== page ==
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Solve: $$ x \geq \frac{6}{x - 1} $$

I figure that I can't really multiply by both sides by $(x - 1)$ since I'm not sure if it will be positive or negative. So I multiplied by $(x - 1)^2$ to get:

$$ x^3 - 2x^2 -5x \geq -6 $$

but wasn't sure how to proceed to an answer.

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In principle, what you did is correct, but it introduces extra solutions. You should multiply by $(x-1)$, move the 6 to the left-hand side, and factorize the resulting inequality. You will then have two cases. Hope this helps; it is better if you do it by yourself. –  Manolito Pérez Mar 11 '12 at 7:10

3 Answers 3

up vote 4 down vote accepted

You have two straightforward alternatives. One is to go back to the original inequality and split the problem into two cases. You know that $x$ can’t be $1$, so either $x>1$, or $x<1$. If $x>1$, then $x-1$ is positive, and you can multiply through by it to get $$x(x-1)\ge 6\quad\text{and}\quad x>1\;,$$ or $$x^2-x-6\ge 0\quad\text{and}\quad x>1\;.$$ The quadratic factors, so you have $(x+2)(x-3)\ge 0$, implying that $x\le -2$ or $x\ge 3$. But this case applies only if $x>1$ so in fact you just get $x\ge 3$.

If $x<1$, on the other hand, $x-1$ is negative, and you have $$(x+2)(x-3)\le 0\quad\text{and}\quad x<1\;,$$ which you can solve in the same general fashion to find the other part of the solution.

The other is to factor the cubic $x^3-2x^2-5x+6$. By the rational root test the only possible rational roots are $\pm1,\pm2,\pm3$, and $\pm6$. $1$ is quickly seen to be a root, so $x-1$ is a factor. Dividing it out leaves the quadratic $x^2-x-6$, which is easily factored. Then you merely solve the inequality $(x-1)(x+2)(x-3)\ge 0$, bearing in mind that $x$ cannot be $1$. However, the solution of this inequality involves looking at essentially the same cases as the first solution, so you’ve not really gained anything. I’d argue that the solution by cases is actually easier.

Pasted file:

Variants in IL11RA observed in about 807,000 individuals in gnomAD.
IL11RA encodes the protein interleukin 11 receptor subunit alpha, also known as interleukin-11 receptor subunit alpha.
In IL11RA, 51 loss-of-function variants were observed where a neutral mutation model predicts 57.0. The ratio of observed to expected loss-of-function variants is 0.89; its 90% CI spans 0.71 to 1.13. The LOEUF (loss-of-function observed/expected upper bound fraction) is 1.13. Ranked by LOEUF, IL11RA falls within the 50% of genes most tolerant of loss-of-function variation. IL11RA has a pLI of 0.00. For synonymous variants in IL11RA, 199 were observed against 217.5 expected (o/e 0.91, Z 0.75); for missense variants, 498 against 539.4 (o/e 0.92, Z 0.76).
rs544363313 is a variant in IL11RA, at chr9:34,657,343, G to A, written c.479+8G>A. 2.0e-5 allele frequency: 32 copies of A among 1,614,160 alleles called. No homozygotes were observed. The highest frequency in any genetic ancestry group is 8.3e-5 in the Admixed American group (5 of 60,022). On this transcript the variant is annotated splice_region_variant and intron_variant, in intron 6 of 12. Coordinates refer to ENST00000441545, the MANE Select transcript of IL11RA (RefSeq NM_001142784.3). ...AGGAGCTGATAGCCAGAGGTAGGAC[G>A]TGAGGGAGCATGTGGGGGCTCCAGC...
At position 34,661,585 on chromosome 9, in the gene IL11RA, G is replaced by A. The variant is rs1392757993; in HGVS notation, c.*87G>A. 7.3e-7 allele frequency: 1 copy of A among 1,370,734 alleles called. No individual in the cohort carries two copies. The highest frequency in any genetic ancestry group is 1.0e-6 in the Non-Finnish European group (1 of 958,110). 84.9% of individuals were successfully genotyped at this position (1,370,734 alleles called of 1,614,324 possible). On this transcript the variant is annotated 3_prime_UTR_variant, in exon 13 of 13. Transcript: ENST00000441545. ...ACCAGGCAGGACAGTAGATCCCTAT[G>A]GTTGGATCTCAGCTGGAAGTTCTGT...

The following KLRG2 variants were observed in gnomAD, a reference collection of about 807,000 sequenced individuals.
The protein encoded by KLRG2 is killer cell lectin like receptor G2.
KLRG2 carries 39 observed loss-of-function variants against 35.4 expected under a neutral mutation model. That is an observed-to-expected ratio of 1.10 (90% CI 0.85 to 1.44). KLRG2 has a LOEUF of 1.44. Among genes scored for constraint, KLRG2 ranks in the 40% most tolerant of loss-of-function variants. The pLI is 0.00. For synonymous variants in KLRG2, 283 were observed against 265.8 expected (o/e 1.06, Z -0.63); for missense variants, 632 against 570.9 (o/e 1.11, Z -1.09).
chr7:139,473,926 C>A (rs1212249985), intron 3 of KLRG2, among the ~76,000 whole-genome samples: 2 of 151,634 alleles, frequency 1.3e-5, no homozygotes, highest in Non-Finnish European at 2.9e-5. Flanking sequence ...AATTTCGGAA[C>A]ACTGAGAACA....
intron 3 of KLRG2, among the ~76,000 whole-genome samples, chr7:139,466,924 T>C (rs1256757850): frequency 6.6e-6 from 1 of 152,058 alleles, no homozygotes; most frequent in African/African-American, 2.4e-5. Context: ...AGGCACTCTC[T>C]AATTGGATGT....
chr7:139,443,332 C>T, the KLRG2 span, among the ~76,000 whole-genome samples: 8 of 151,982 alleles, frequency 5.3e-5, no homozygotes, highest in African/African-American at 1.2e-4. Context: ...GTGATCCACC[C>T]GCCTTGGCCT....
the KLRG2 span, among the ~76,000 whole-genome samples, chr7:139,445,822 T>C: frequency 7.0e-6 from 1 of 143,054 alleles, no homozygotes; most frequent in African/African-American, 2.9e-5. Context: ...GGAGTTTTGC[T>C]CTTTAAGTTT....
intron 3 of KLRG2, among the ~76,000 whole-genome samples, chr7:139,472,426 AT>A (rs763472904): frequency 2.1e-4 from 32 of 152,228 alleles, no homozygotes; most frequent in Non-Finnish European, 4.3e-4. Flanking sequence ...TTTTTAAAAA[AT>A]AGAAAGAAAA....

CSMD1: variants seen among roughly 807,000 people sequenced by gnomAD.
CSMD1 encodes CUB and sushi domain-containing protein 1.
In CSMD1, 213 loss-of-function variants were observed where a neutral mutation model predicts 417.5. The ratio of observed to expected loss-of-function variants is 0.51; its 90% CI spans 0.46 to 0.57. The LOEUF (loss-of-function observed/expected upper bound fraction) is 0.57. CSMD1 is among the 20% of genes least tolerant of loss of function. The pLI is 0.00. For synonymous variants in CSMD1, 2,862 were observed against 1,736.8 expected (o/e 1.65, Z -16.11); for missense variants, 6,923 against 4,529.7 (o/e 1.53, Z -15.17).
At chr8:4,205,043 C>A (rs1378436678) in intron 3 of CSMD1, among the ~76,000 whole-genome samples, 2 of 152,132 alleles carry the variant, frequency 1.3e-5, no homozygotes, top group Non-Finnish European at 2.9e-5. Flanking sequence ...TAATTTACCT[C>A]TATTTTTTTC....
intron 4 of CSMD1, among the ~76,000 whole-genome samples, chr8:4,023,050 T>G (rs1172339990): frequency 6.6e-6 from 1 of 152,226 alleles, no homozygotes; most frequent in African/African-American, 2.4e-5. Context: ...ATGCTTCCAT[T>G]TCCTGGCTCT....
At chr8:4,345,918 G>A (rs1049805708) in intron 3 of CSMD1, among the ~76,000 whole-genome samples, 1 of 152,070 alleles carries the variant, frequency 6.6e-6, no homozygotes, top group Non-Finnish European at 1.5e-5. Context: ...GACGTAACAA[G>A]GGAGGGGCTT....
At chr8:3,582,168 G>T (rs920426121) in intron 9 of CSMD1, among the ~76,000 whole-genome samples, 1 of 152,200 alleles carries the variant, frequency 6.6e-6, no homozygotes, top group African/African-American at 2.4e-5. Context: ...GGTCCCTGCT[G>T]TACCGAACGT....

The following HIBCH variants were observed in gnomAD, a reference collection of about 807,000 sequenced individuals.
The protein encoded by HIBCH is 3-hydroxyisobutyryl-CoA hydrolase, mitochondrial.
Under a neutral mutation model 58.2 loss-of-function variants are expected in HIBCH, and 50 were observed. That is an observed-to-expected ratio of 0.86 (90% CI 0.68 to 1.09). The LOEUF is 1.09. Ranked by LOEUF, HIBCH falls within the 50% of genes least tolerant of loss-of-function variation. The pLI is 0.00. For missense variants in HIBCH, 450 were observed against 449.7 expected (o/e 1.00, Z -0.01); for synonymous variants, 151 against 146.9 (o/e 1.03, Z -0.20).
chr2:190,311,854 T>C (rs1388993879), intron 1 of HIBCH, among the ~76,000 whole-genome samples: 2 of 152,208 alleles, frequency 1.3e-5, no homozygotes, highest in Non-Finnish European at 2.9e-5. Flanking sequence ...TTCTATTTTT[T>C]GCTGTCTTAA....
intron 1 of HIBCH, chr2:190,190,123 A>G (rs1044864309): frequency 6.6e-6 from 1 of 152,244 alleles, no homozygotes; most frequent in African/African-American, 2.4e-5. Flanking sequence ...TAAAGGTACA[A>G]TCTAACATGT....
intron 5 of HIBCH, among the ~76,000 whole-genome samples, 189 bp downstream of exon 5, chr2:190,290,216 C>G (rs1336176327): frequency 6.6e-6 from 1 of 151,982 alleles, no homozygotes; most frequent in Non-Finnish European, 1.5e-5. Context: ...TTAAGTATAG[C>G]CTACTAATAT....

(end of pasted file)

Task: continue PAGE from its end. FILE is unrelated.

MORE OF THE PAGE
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+1 for the elegant and simplified explanation. Thank you. –  Emmad Kareem Mar 11 '12 at 8:39

You can also solve it by a case by case analysis instead.

First assume that $(x-1) > 0$. Then we can multiply out by $x-1$ without reversing the inequality.

Hence, we get $x^2-x \geq 6$ i.e. $x^2 - x -6 \geq 0$ i.e. $(x-3)(x+2) \geq 0$. This along with the assumption that $(x-1) > 0$, gives us that $x \geq 3$.

Similarly, assume $(x-1) < 0$ and proceed accordingly.

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And don't forget you will be getting two answers. Will it be that both must be true ("and" logic) or that each one individually is true ("or" logic)? –  David Lewis Mar 11 '12 at 7:15

$$ x \ge \frac{6}{x-1} $$ Move everything to one side: $$ x-\frac{6}{x-1} \ge 0 $$ The common denominator is $x-1$, so we have: $$ \frac{x(x-1)}{x-1} - \frac{6}{x-1} \ge 0 $$ Simplify: $$ \frac{x^2-x-6}{x-1}\ge 0 $$ Factor: $$ \frac{(x-3)(x+2)}{x-1} \ge 0 $$ This changes signs at $-2$, $1$, and $3$. It is positive if $x>3$, negative if $x$ is between $3$ and $1$, positive if $x$ is between $1$ and $-2$, and negative if $x<-2$. It is zero when the numerator is $0$, i.e. when $x=-2$ or $x=3$.

So the solution is $$ x\ge3\text{ or } -2\le x<1. $$

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